Criminals could be dealt with in days or even hours under Government plans to bring in "swift and sure justice", ministers are to reveal.
Court hours will be more flexible, technology will enable police officers to give evidence remotely and video links for defendants and witnesses will become routine, the Ministry of Justice (MoJ) said.
Police will also be given simpler guidance on how to deal with offenders, while magistrates will have the power to check officers' use of cautions and penalty notices following concerns that serious and persistent offenders were escaping justice. The move could see "straightforward" shoplifting cases being resolved in under two weeks, compared with the current five, the White Paper will say.
Under the plans, magistrates will also be given a stronger role in community justice, with single magistrates sitting outside of courts, such as in community centres, "to dispense rapid and effective justice in low-level, uncontested cases". Neighbourhood justice panels will also be brought in to deal with anti-social behaviour and low-level crime, with offenders making amends to victims and repairing any damage done.
Policing and criminal justice minister Nick Herbert will say: "It is a basic principle of justice that it should be delivered without delay, yet straightforward cases that could be dealt with in days or even hours are taking weeks and months. Justice delayed is justice denied, and victims are the biggest losers."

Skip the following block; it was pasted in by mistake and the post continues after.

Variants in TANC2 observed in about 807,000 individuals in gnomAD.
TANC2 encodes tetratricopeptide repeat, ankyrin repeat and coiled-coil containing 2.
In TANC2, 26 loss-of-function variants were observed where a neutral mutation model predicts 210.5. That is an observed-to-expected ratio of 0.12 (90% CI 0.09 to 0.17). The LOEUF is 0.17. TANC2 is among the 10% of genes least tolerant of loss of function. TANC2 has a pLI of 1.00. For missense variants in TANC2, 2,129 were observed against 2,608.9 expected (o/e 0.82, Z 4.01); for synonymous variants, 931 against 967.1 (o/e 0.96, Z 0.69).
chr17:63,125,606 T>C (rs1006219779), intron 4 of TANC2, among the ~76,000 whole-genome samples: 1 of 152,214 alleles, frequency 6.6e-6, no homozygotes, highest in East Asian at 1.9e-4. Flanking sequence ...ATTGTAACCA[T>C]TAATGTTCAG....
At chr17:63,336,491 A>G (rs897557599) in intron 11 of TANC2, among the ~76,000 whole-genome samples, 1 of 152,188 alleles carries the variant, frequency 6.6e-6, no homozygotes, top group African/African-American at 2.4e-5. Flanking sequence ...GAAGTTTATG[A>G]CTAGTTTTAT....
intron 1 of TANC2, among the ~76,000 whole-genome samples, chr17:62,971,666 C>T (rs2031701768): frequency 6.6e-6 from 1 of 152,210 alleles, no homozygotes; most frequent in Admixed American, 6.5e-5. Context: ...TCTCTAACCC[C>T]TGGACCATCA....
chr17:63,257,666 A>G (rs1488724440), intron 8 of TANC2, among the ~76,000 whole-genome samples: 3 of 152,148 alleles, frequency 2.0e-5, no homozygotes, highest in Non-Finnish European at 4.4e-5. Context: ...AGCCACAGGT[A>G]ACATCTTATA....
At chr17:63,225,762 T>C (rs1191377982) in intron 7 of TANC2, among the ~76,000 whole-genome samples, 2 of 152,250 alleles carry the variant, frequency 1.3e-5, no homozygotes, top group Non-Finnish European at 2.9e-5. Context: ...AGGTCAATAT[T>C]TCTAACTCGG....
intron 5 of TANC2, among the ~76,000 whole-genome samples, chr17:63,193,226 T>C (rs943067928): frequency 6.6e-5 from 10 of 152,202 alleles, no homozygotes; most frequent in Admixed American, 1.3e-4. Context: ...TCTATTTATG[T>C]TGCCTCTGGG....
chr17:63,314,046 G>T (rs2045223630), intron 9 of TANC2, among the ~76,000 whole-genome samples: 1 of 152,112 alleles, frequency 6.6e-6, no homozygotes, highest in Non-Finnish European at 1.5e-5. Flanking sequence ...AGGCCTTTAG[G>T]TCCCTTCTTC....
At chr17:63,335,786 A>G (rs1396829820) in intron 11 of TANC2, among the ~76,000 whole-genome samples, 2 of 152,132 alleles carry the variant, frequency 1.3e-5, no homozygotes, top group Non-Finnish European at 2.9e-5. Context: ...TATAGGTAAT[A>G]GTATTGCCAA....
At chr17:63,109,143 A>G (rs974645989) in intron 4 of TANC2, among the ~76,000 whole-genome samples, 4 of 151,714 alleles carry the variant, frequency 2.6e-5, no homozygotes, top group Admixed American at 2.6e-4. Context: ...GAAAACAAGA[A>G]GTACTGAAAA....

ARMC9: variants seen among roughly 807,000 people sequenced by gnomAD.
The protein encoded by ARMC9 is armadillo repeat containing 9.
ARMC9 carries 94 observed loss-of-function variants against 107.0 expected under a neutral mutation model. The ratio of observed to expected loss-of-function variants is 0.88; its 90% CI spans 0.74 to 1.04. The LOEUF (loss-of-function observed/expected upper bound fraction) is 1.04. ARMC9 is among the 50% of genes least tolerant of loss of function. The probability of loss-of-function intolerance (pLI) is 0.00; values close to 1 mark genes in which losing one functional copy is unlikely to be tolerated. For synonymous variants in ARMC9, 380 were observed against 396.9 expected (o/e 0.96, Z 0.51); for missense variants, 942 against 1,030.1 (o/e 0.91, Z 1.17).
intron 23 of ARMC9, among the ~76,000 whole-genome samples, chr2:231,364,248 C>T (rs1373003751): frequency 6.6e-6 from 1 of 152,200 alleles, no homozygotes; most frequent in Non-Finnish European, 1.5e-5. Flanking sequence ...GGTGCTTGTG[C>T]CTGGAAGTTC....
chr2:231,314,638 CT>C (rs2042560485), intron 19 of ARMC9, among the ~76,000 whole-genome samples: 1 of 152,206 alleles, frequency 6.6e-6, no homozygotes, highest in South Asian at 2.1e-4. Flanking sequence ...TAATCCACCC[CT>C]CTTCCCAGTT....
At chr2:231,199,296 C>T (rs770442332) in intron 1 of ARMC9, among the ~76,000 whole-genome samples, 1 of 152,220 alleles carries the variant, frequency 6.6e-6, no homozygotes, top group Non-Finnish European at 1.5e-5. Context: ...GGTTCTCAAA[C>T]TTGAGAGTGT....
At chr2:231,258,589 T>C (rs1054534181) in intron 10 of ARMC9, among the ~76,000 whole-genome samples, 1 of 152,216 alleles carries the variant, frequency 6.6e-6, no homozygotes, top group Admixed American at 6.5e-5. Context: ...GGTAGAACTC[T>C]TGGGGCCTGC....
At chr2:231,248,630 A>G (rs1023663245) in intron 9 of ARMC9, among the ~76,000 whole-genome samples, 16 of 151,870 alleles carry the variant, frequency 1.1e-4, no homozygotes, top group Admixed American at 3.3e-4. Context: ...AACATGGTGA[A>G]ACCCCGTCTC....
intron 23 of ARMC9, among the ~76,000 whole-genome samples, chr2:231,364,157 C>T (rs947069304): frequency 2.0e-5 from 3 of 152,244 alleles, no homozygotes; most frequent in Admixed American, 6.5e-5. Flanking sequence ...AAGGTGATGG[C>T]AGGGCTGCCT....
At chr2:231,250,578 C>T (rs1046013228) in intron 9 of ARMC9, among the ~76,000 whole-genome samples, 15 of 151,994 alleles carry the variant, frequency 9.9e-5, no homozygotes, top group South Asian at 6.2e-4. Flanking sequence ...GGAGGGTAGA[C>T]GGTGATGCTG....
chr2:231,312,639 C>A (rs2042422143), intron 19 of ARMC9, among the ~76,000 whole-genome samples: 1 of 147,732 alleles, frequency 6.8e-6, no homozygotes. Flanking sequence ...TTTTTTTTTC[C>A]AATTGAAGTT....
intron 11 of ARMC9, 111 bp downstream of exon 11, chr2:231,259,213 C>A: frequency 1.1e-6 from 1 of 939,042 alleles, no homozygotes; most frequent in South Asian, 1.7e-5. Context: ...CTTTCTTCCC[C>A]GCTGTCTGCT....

Typically, almost five months pass between an offence taking place and any sentence being handed down, despite the fact most cases do not have to go to trial or are uncontested.
Last summer's riots showed the system can move much faster and "swift and sure" justice should be routine, Mr Herbert will say. "With a stronger role for magistrates, greater involvement of communities and the drive of elected Police and Crime Commissioners, we will forge a system that grips offenders at the earliest point to prevent the slide into more serious offending. This new focus on delivering swift and sure justice will support the police, give communities a voice, and reduce crime."
The move comes after Prime Minister David Cameron said in October that the public wanted to see speedy justice and if it was possible in the wake of the riots, then "let's make sure we do it all the time".
Graham Beech, director at the crime reduction charity Nacro, said: "Speedy justice makes it easier to connect the sentence with the crime. But speeding up the process shouldn't be at the expense of proper justice or compromise the crucial need for appropriate sentences." He went on: "We need to ensure that the resources are there to deal with any increased flow of people through the justice system that these proposals might bring. And we don't want a quick fix leading to more people being given ineffective sentences, preventing us from challenging offenders in the community and stopping them reoffending in the future."
Shadow justice secretary Sadiq Khan said: "The public, victims, even defendants themselves are right to expect that those accused of crimes are dealt with quickly and efficiently. But, while more evening and weekend sittings, and more justice handed down at the community level, sounds practical, it won't come cheaply. I hope the Government are going to explain exactly how this is going to be funded. The fear is that these proposals are simply designed to save money. And if this results in the cutting of corners within our justice system, it increases the risk of miscarriages of justice, which will further erode the public's confidence."